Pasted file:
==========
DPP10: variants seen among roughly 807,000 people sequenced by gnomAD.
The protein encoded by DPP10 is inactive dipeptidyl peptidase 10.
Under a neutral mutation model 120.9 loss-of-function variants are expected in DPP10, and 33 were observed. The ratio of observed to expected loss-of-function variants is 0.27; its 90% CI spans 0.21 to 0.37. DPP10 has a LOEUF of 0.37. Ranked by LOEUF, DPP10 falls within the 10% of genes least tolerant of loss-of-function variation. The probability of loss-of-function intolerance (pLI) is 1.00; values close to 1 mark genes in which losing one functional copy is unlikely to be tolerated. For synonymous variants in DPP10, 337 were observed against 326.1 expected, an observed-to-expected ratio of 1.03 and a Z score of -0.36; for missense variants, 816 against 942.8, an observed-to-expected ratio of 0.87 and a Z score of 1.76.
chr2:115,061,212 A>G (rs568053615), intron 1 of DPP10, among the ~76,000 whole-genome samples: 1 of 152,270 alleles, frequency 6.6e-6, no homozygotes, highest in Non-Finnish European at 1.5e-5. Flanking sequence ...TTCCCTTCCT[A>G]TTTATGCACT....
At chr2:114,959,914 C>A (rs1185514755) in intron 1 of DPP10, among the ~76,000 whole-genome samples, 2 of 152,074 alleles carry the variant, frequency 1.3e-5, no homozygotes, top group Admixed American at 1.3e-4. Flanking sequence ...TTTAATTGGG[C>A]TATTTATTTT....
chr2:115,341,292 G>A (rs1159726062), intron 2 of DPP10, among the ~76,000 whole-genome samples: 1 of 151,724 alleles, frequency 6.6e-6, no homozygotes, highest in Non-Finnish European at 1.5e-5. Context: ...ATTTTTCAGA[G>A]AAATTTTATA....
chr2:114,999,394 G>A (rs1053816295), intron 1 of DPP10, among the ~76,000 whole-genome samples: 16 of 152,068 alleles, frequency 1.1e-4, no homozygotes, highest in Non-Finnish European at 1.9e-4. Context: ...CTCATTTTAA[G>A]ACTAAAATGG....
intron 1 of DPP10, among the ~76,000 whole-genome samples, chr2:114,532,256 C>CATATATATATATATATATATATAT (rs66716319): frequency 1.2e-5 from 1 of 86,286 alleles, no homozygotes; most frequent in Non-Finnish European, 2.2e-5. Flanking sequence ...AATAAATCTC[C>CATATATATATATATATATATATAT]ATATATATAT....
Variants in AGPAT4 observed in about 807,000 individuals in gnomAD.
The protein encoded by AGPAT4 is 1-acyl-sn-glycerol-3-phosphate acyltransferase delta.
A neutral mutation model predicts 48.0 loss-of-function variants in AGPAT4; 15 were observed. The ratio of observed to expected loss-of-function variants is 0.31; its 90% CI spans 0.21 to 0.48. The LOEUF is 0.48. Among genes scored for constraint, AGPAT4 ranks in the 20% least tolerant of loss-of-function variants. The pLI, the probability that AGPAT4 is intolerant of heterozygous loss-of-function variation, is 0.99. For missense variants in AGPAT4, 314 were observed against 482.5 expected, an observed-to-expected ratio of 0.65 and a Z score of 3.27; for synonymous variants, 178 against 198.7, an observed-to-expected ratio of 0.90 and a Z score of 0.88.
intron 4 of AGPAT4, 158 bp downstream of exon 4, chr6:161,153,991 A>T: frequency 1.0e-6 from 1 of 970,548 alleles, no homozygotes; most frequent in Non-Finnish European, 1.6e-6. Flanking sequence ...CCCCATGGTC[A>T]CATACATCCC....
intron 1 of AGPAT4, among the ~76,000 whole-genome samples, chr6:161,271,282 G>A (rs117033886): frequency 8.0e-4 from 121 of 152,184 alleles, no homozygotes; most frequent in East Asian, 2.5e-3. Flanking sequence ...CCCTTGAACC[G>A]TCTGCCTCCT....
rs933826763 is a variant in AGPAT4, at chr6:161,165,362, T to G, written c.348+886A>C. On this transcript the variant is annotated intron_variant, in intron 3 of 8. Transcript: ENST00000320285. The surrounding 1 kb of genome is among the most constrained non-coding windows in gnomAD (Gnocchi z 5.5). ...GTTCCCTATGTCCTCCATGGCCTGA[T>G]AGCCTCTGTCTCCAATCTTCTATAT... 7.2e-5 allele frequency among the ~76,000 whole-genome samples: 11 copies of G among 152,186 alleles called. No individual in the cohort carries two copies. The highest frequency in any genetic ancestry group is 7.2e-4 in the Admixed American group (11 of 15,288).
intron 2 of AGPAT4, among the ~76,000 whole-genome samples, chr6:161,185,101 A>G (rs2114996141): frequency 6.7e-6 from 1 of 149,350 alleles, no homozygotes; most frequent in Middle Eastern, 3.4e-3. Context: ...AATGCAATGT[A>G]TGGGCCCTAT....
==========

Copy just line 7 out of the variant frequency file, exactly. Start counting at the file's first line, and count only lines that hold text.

chr2:114,999,394 G>A (rs1053816295), intron 1 of DPP10, among the ~76,000 whole-genome samples: 16 of 152,068 alleles, frequency 1.1e-4, no homozygotes, highest in Non-Finnish European at 1.9e-4. Context: ...CTCATTTTAA[G>A]ACTAAAATGG....